Organic Aloe Face Cream Recipe + Instructions
The topic of handmade lotion came up over coffee today and I offered to show a friend how to make her own. It’s really a simple process and aside from being FUN, making lotion has some other attractive benefits. First of all it saves money – lotion is about 70-80% water which is free! The other plus is that you have the option to control the ingredients you use, and if you prefer vegan, natural, and/or organic, making your own lotion is one of the best ways to trust that you’re getting exactly what you want.
This recipe is for a lotion that I use myself – in fact, the pictures show the exact batch that I’ve just recently finished up. It’s filled with skin-loving oils and extracts and perfect for those wishing to nourish their skin with all natural ingredients. As for skin type, I have oily skin and though the recipe is rich, it does not clog my pores. I’d recommend it for most skin types.
The ingredients include Aloe Vera which hopefully you can scrape from the leaf of the plant – if not you can use a store-bought gel. Aloe is a gentle astringent that helps soothe inflammation and reduce redness. You’ll probably know of its use on sunburns. The oils used include Sweet Almond, a light oil that’s commonly used in massage, Rose-hip, rich in anti-oxidants and used in anti-aging formulas, and shea butter, a rich and creamy solid oil that we only use a small amount of for extra creaminess.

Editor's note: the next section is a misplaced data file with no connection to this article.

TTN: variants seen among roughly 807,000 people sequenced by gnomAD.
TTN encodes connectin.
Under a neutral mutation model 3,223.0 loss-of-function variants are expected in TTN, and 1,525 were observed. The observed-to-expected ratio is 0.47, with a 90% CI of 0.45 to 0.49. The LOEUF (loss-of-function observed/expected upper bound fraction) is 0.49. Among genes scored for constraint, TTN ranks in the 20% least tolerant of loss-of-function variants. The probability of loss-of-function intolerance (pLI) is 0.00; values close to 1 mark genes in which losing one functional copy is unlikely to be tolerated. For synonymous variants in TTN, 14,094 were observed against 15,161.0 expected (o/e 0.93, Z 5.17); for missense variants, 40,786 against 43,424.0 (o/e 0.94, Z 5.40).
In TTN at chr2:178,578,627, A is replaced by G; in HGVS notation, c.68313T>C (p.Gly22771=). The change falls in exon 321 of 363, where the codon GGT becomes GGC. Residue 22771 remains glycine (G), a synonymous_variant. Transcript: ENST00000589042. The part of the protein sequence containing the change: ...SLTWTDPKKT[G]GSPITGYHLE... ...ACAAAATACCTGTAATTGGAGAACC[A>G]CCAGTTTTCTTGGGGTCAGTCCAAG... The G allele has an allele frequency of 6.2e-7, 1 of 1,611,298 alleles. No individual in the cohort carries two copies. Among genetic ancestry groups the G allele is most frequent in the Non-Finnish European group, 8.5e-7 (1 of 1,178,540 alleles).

A clear glass such as a mason jar
Two pans you can use as a double boiler (see image below)
Spoons & small bowls
1 Airless Pump Bottle 120ml, 4.1 oz. – these can be cleaned, sterilized, and reused indefinitely
Pocket digital scale (optional) – you need this if you’re measuring from grams and not teaspoons. I’ve given both measurements.
Organic Aloe Face Cream Recipe
Makes approx. 120ml / 4.1oz
The ingredients below are listed in three phases. Think of these as three different bowls of ingredients that will be combined together at different parts of the process. The main oils are all grouped into the ‘Oil Phase’, the water and items that need dissolving are in the ‘Water Phase’, and the ‘Cooling Phase’ is composed of extracts that are not as important to initial emulsion (the bonding of oils and water) and do not need to be dissolved.